Referring now to FIG. 1, in the first embodiment, the second FPGA 14 is programmed so as to provide a complementary execution of the control program 44 which reduces the possibility of an undetectable systematic and common cause errors. Note that in contrast, systemic errors are those errors introduced during the development process. Accordingly, as shown in FIG. 3, first a complementary control program 44′ is prepared being simply the inversion of the Table I as shown below in Table II.
The logic of the complementary program 44′ provides for an output D only when inputs A and B are either both one or both zero. This is implemented in the FPGA 14 as shown in FIG. 6 by dual-input AND-gate 58, dual-input NOR-gate 60 and dual-input OR-gate 62 where complimented inputs and (from the inverter bank 20 of FIG. 1) are received by the inputs of the NAND-gate 58 and NOR-gate 60 and the outputs of AND-gate 58 and NOR-gate 60 are provided to the inputs of OR-gate 62 to produce the complementary output . Thus it will be understood therefore for a given set of inputs A and B, complementary inputs to FPGA 12 will produce the complementary output to FPGA 14. It will be understood from this description, that there are many ways of complimenting a control program 44 and that the intent is simply to ensure a predictable output value with a different configuration of logical gates within the FPGA 12 and 14.
As described above and shown in FIG. 1, pairs of mutually complementary gate-array outputs 22 and 22′ (and D) are then combined to provide controller output 26 to the controlled process 18 and an error signal 34.
Referring now to FIG. 7 in a second embodiment, a single control program 44 is compiled by two different compilers 64 and 66 to produce the programming of FPGAs 12 and 14 providing for different internal configurations of the logical gates. In this case, one compiler 66 may invert the control program 44 to produce a complementary control program 44 as described above, so that no new control program need be prepared, or the compiler 66 may simply use a different set of conversion rules from compiler 64 so as to implement a different structure of logical gates within the FPGAs 12 and 14. For example, compiler 64 may implement NAND-gates using a pre-configured NAND-gate whereas compiler 66 may implement NAND-gates using a combination of an AND-gate and inverter. This simple variation provides no fundamental change to the logic but ensures a different implementation of gates in each FPGA 12 and 14 so that any systemic failure in development will likely be manifest in different ways in the gate-array outputs 22.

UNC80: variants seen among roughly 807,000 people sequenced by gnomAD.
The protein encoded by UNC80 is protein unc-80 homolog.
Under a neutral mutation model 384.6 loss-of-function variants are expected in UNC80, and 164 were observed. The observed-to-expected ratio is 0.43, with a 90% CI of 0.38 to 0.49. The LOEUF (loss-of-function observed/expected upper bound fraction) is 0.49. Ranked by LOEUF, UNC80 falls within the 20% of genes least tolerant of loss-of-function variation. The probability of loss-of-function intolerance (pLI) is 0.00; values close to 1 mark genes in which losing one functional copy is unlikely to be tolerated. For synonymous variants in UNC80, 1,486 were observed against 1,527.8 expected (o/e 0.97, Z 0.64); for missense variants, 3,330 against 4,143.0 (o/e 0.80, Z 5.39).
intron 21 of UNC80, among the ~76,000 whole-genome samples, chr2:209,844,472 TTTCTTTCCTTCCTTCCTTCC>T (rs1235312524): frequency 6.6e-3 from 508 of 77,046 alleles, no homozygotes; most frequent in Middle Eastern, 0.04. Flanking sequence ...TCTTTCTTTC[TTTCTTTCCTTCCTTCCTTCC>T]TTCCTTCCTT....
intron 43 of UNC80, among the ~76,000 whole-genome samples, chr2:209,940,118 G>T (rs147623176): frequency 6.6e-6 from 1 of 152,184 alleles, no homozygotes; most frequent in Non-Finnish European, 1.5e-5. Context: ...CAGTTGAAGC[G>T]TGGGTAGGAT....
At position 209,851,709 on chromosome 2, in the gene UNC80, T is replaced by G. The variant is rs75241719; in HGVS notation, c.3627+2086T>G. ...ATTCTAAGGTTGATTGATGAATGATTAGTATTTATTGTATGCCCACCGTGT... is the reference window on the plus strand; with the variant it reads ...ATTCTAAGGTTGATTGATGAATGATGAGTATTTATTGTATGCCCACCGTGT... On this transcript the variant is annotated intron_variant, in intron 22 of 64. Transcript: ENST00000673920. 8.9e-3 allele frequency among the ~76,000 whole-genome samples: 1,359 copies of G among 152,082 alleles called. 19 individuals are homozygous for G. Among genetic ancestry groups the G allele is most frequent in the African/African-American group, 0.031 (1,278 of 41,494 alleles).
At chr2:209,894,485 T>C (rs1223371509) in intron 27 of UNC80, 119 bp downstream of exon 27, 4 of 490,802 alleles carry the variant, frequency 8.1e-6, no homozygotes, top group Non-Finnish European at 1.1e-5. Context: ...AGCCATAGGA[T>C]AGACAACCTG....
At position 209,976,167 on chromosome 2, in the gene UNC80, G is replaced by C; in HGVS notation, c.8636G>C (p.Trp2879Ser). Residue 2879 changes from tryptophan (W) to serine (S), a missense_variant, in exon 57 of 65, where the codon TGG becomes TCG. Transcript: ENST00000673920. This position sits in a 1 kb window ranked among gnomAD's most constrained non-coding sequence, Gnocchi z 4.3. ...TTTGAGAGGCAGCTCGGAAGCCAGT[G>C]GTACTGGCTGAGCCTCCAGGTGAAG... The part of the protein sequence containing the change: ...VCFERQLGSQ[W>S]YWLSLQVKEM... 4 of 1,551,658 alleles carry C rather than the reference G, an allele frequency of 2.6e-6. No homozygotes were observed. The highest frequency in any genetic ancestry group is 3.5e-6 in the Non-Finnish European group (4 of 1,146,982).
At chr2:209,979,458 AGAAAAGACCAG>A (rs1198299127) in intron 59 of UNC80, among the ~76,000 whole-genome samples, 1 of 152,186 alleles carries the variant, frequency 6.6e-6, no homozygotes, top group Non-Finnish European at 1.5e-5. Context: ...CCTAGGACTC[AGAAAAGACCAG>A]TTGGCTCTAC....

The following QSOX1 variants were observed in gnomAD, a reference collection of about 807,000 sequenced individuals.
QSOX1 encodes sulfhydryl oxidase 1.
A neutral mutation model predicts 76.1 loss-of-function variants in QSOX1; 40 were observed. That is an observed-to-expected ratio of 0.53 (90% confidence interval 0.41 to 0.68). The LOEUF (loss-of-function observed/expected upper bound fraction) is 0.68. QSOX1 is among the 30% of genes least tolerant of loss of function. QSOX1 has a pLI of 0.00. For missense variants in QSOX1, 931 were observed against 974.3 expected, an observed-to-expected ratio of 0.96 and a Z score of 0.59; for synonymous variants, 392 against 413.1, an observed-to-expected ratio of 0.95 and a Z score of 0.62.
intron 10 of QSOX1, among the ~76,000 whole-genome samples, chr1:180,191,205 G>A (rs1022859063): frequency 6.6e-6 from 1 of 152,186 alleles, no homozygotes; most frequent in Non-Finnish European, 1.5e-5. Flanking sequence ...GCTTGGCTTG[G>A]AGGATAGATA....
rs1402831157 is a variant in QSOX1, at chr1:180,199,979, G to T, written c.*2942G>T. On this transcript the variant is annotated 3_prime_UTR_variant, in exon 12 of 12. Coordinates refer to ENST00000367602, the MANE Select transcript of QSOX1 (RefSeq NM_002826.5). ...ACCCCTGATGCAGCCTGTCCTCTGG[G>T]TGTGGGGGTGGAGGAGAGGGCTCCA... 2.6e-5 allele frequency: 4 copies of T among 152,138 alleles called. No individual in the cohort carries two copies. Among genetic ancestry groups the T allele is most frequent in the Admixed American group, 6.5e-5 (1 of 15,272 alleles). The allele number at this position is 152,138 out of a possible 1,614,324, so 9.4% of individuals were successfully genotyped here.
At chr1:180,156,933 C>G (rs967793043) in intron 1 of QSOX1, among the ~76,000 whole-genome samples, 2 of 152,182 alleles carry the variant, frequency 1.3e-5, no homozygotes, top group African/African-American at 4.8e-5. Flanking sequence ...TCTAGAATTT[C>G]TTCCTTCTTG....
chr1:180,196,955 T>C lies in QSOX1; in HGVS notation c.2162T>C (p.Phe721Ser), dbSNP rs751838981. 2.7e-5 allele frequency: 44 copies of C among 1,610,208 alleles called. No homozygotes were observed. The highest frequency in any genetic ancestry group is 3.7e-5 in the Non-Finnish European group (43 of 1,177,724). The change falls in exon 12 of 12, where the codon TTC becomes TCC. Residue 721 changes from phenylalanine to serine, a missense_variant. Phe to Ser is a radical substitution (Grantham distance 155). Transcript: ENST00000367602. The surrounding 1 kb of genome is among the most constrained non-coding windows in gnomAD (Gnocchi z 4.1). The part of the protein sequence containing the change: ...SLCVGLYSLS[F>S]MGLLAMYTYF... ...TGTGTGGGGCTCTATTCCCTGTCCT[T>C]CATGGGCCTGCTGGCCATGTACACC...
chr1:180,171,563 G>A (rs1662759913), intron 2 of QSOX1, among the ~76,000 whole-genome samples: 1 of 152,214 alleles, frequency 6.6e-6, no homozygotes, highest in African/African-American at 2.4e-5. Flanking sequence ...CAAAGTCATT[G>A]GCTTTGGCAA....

Referring to FIG. 8 in yet another embodiment, a single control program 44 may be compiled by a single compiler 45 into two FPGAs 12 and 14 manufactured by different vendors with different internal architectures. This embodiment requires a compiler that allows the porting of an individual control program 44 to different types of gate-arrays. Such compilers exist for given manufacturers between different architectures. In all these cases the key is to provide for a different internal configuration of gates within the FPGAs 12 and 14.
Referring now to FIG. 9, a different but non-complementary implementation of the control program of FIG. 4 is provided by FPGA 14 through dual AND-gates 63 and 65 (each having on inverted input) and dual-input OR-gate 67 where inputs A and B are received by each of the inputs of the AND-gates 63 and 65 and their outputs are provided to the inputs of OR-gate 67 to produce the output D. Thus it will be understood therefore for a given set of inputs A and B, FPGA 14 will produce the same output to FPGA 12 (per FIG. 5) but using a different set of internal connections.
Referring now to FIG. 10 in the examples of FIGS. 8 and 9 where both FPGAs have different internal structure but nevertheless produce identical rather than complementary outputs D, different comparison circuits 24′ will be used in which a single AND-gate 68 receives the corresponding gate-array outputs 22 and provides a controller output 26 only if gate-array outputs 22 are both in the same state. In this case an error signal 34 is provided by an exclusive OR-gate 70 which checks for situations where corresponding gate-array outputs 22 (from FPGAs 12 and 14) have different states.
In the examples of FIGS. 10 in the event that the FPGAs have different outputs D (an error condition) the controller output 26 implicitly assumes a default value of zero or logical false.